Next time you are at the zoo admiring the antics of the playful otters as they slip and slide, look for the little gleam in their eyes that says, “I may be cute, but I’ll eat your soul for dinner and drag you away to the den of the land otter people, where I will vampirically turn you into one of us”. Otters have had it easy for too long. They know they are cute. They will use it against us. As William Burroughs said, “Like most qualities, cuteness is delineated by what it isn’t. Most people aren’t cute at all, or if so they quickly outgrow their cuteness … Elegance, grace, delicacy, beauty, and a lack of self-consciousness: a creature who knows he is cute soon isn’t.” Then they come for you.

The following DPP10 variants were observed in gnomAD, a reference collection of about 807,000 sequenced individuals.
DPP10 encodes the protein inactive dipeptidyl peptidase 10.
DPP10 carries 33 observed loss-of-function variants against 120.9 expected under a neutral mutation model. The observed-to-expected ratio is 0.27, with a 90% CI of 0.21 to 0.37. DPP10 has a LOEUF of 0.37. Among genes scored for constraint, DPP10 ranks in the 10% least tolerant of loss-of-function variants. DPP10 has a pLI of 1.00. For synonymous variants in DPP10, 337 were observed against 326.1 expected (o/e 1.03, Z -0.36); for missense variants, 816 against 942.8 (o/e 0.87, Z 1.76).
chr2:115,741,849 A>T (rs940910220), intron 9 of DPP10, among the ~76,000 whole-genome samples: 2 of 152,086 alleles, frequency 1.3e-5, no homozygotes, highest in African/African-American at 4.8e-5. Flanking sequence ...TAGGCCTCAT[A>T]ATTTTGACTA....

Barazzuol, Richard. “The Tlingit Land Otter Complex: Coherence in the Social and Shamanic Order”. Masters Thesis, Department of Anthropology, University of British Columbia, 1981.
Kronenfeld, David B. Culture, Society, and Cognition. Mouton de Gruyter: Berlin, 2008.
Pelton, Mary and DiGennaro, Jacqueline. Images of a People: Tlingit Myths and Legends.Englewood, CO: Greenwood, 1992.
Swanton, John Reed, 1873-1958. Tlingit Myths And Texts. Washington: Govt. print. off., 1909.